India playing five one day internationals against South Africa in South Africa, just one month before the World Cup in India raised the eye brows of many Indian cricket aficionados. In the past, India could never do well against the hosts in the fast and bouncy pitches there. What will Indian players gain by playing matches on fast and bouncy pitches when the World Cup is going to be held in the flat batting tracks of the subcontinent? – This question puzzled many except those in BCCI. To the Indian surprise, all the matches were held on comparatively slow pitches and the Indians came out of the series winning 2 out of the 5 matches. Only the time will tell what the Indian team gained out of this series but a post mortem of this series reveals many interesting facts.

Sehwag, Praveen Kumar and Gambhir returned to India even before the start of the series with injuries. With Piyush Chawla, Ashwin and Rohit Sharma in the squad, the first two matches were looked upon by many as chances for the Indian selectors to try out these players before declaring the Indian team for the 2011 World Cup.

Team composition for the first two matches clearly proved that the selectors or the team management didn’t have any well thought out plans. Ashish Nehra looked completely out of sorts and Rohit Sharma sent in as replacement for Sehwag batted at No.4 and No.7 in the first two matches. Indians were beaten outright in the first match but won a thriller in the second despite Dhoni’s lackluster captaincy almost presenting a victory to South Africa. Even when it was very clear that India’s only winning option was to bowl out the South Africans, Dhoni kept persisting with part time bowlers and brought back Munaf only when the South Africans were very close to a victory. Luck was with Dhoni and India on that day.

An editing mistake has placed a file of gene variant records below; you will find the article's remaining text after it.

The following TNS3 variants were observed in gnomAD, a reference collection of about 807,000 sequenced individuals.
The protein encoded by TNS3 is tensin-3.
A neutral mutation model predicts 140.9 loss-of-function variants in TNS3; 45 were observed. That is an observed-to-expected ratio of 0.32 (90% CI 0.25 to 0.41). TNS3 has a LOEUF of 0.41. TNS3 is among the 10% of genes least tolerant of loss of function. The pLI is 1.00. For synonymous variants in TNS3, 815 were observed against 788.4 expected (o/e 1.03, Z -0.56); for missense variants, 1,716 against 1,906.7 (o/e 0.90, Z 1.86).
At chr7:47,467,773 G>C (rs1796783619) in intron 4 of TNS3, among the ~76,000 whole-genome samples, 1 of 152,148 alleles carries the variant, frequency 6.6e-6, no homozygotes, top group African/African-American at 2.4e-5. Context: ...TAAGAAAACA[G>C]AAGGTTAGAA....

Tendulkar returned to India with an injury and Parthiv Patel was sent in as a replacement. Indian team for the World Cup was announced and that seemed to confuse the team management more. Lack of a specialist opener forced the team management to thrust the role of an opener on the World Cup discard – Rohit Sharma and Dhoni didn’t have the gumption to use this contingency to test the disaster management skills of his team. He could have opened with Kohli and promoted himself to No.3. Though India won a thriller in the third one dayer through some hard hitting by Yusuf Pathan and presence of mind of tailenders, rain denied a century to Kohli and an outright win for South Africa (though they won by D/L Method) in the fourth one dayer.